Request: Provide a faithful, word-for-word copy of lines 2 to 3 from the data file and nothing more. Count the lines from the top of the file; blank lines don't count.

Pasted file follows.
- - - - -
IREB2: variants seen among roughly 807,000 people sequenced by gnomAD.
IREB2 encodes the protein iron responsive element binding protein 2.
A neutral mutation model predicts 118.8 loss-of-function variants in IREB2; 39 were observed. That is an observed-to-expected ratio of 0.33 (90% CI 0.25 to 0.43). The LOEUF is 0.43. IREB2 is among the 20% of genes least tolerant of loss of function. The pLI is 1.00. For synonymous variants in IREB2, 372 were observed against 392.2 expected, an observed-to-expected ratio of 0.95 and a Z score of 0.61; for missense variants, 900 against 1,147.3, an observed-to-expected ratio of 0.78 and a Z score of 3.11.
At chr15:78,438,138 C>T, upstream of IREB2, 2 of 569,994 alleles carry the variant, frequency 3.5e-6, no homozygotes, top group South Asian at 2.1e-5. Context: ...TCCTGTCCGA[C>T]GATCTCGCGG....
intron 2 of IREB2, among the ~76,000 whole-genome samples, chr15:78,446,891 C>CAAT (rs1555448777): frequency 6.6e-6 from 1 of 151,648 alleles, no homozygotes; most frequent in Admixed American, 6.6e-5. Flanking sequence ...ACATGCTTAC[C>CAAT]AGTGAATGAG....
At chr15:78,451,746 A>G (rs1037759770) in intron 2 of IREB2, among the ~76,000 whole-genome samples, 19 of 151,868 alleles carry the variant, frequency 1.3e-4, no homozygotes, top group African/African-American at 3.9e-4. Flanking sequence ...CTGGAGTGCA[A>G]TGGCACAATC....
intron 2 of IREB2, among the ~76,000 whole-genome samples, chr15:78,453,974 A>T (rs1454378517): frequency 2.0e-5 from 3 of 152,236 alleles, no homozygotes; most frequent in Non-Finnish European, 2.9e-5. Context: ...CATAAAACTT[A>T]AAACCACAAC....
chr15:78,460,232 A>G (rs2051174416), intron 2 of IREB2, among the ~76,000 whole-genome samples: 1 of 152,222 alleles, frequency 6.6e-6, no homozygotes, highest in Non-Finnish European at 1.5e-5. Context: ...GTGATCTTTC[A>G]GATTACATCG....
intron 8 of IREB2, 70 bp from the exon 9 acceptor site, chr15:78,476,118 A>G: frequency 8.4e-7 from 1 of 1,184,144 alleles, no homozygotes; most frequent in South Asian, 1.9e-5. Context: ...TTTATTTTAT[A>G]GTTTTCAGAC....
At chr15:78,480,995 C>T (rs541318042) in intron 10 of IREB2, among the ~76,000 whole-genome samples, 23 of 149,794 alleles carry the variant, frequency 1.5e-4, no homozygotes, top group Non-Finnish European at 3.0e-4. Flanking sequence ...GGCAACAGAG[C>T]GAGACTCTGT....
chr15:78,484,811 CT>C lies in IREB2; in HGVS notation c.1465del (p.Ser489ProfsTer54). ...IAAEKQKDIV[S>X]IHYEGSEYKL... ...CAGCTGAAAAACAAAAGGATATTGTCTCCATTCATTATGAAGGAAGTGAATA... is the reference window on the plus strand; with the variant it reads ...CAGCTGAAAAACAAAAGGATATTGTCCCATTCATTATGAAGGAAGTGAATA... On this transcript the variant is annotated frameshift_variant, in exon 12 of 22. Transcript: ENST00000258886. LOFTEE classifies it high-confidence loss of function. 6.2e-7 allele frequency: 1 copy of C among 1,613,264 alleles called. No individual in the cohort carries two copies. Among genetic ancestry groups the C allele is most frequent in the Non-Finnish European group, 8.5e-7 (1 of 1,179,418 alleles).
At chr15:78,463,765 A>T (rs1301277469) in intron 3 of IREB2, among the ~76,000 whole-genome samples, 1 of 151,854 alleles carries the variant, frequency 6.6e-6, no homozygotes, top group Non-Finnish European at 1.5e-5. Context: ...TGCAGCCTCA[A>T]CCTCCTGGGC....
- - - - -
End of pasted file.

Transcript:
IREB2 encodes the protein iron responsive element binding protein 2.
A neutral mutation model predicts 118.8 loss-of-function variants in IREB2; 39 were observed. That is an observed-to-expected ratio of 0.33 (90% CI 0.25 to 0.43). The LOEUF is 0.43. IREB2 is among the 20% of genes least tolerant of loss of function. The pLI is 1.00. For synonymous variants in IREB2, 372 were observed against 392.2 expected, an observed-to-expected ratio of 0.95 and a Z score of 0.61; for missense variants, 900 against 1,147.3, an observed-to-expected ratio of 0.78 and a Z score of 3.11.